115 posts tagged "Tom Pecheux"
How many times have you heard the adage that great makeup starts with fabulous skin? It’s repeated because it’s true, and Balmain’s Spring 2014 lineup is proof. Though lead makeup artist Tom Pecheux barely applied more than a light dusting of powder and a touch of concealer to the models, he did insist on mandatory pre-runway face massages. But this was no backstage-turned-pampering session. The type of facials that get you a healthy, youthful complexion are actually pretty aggressive, and they’re popping up on spa menus around the world. Think a deep-tissue sports massage for your face—often with a side of electric current. But these rough-and-tumble treatments are well worth it for their rejuvenating results. The hard pressure helps to rid your face and neck of built-up fluids that can make you look puffy and boosts blood flow to promote collagen production. You’ll leave the table looking younger and feeling refreshed, and for those reasons we’re willing to lay our heads in these expert hands. Click here to view the slideshow.
“The girls are booked for who they are, so it’s not about stamping a look on them,” explained hair pro Sam McKnight. When you have models like Angela Lindvall, Joan Smalls, Karlie Kloss, Anja Rubik, Jourdan Dunn, and Rosie Huntington-Whiteley all in one room, do you even need hair and makeup? Add a swipe of lipstick and the Hôtel de Ville might just spontaneously combust from the overwhelming amount of beauty. Nevertheless, a little foundation, concealer, and brow powder never hurt anyone. And that’s about all maquillage master Tom Pecheux used backstage to create the “safari goddess” who would wear Olivier Rousteing’s high-octane clothes through the jungle. The only alteration he made was paling out the skin with a lighter shade of base. “It’s still the minimum of what you can do in terms of makeup, but it’s much more than last season,” Pecheux quipped.
An “unbrushed, lazy ponytail with a structured front,” was how McKnight summed up the strict center parts and textured tails that showed off the collared necklaces and door-knocker earrings created by the designer. To coax out natural wave, he spritzed strands with a combination of water and Oribe Dry Texturizing Spray after tying off the length with a string of elastic. As for who, of all the girls, has the “ideal” hair: Huntington-Whiteley, of course. Sigh. As if that face and body weren’t enough.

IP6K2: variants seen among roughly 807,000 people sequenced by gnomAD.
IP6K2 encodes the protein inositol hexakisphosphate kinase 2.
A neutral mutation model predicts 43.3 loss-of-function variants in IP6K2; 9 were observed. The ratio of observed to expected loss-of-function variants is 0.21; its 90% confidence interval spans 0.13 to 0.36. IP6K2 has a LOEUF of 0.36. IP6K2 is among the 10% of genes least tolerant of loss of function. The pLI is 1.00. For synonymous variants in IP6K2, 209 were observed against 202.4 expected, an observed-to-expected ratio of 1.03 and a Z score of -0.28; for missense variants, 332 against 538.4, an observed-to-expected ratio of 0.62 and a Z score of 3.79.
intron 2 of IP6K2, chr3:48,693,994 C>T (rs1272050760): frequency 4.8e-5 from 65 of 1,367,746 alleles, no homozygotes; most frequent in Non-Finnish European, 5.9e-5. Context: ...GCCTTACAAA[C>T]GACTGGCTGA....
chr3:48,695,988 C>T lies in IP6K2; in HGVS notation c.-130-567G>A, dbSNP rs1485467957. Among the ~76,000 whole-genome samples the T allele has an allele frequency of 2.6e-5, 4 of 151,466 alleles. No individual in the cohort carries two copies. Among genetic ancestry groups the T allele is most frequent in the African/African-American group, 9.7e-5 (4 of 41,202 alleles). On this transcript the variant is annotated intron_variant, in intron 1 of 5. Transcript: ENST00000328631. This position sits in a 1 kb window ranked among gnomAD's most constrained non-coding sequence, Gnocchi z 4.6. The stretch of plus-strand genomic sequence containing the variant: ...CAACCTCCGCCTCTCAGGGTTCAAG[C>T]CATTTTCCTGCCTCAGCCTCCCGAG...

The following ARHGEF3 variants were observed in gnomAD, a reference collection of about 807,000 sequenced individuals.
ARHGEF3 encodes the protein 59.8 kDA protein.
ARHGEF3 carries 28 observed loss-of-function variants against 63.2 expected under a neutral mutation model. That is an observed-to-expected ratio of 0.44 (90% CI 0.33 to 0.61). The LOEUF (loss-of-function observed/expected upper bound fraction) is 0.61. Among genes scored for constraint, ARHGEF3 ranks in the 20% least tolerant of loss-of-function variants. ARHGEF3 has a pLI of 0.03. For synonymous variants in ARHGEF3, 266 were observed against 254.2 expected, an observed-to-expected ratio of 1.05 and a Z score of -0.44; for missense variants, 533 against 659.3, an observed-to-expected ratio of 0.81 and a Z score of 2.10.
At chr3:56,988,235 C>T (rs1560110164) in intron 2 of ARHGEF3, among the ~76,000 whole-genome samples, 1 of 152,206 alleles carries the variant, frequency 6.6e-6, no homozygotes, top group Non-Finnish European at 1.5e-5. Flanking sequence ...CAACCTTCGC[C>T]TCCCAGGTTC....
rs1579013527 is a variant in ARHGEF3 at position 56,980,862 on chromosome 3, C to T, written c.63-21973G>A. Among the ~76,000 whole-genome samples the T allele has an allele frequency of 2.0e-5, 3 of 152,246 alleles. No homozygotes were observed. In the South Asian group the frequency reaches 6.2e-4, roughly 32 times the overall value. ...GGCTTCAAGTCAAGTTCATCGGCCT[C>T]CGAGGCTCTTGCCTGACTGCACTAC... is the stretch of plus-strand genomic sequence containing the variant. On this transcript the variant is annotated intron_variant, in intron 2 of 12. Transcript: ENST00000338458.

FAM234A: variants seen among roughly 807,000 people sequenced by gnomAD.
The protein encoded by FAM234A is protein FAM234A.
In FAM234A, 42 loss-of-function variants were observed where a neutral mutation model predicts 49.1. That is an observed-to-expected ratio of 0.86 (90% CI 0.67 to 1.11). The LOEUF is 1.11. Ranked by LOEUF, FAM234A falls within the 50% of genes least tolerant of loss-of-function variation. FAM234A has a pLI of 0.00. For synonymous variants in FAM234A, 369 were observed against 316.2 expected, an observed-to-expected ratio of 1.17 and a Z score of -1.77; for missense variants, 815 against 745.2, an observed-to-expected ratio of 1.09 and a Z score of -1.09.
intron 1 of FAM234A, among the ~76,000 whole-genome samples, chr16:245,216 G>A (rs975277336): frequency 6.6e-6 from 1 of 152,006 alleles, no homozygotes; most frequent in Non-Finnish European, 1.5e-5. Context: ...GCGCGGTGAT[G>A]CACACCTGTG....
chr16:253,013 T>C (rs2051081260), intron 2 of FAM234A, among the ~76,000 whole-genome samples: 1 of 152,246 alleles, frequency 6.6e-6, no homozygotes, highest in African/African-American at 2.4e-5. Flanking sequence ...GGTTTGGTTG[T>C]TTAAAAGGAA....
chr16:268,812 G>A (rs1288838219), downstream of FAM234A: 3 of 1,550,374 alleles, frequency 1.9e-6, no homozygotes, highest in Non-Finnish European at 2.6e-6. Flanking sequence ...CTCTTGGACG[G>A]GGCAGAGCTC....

Inspiration comes from everywhere, and in the case of makeup artist Tom Pecheux, we mean everywhere. Before the face painter left for Milan, he had concocted an entirely different look with the designer. Upon returning to Paris, they both decided it wasn’t right. So what brilliant tool does one turn to when in need of something fresh? Floss. (Yes, really.) “That same morning before going to the fitting I had an appointment with the dentist, and I was sitting in the dentist’s chair, and I was like, ‘Ah, yes—floss,’” Pecheux said. (It wouldn’t have been my first thought while awaiting the drill, but hey, that’s what makes the man such a genius.) After prepping lids with powder and using a black pencil in between the lashes, he coated a strand of floss wound tightly between his fingers with Estée Lauder Pure Color Envy Sculpting Lipstick in Envious, then pressed it above the top lashes and below the bottom set. With model Liu Wen acting as his “sexy assistant” by holding the Double Wear Zero-Smudge Liquid Eyeliner while he ran the string over the tip, Pecheux framed the graphic red lines with skinny black bands, adding a final onyx slash in the “banana” (i.e., crease). Aside from a trip to the dentist’s office, illustrators like René Gruau and Tony Viramontes inspired the eighties-meets-rock-and-roll maquillage; the color palette came by way of the collection (particularly the shiny, crimson ruffle on Look 26). While this isn’t the first time Pecheux reached for floss in a fashion context (having used it for an editorial in V magazine), improvements in oral care did pose a new challenge: “Fifteen years ago dental floss was dry, and now it has wax on it, so it’s very slippery,” he noted.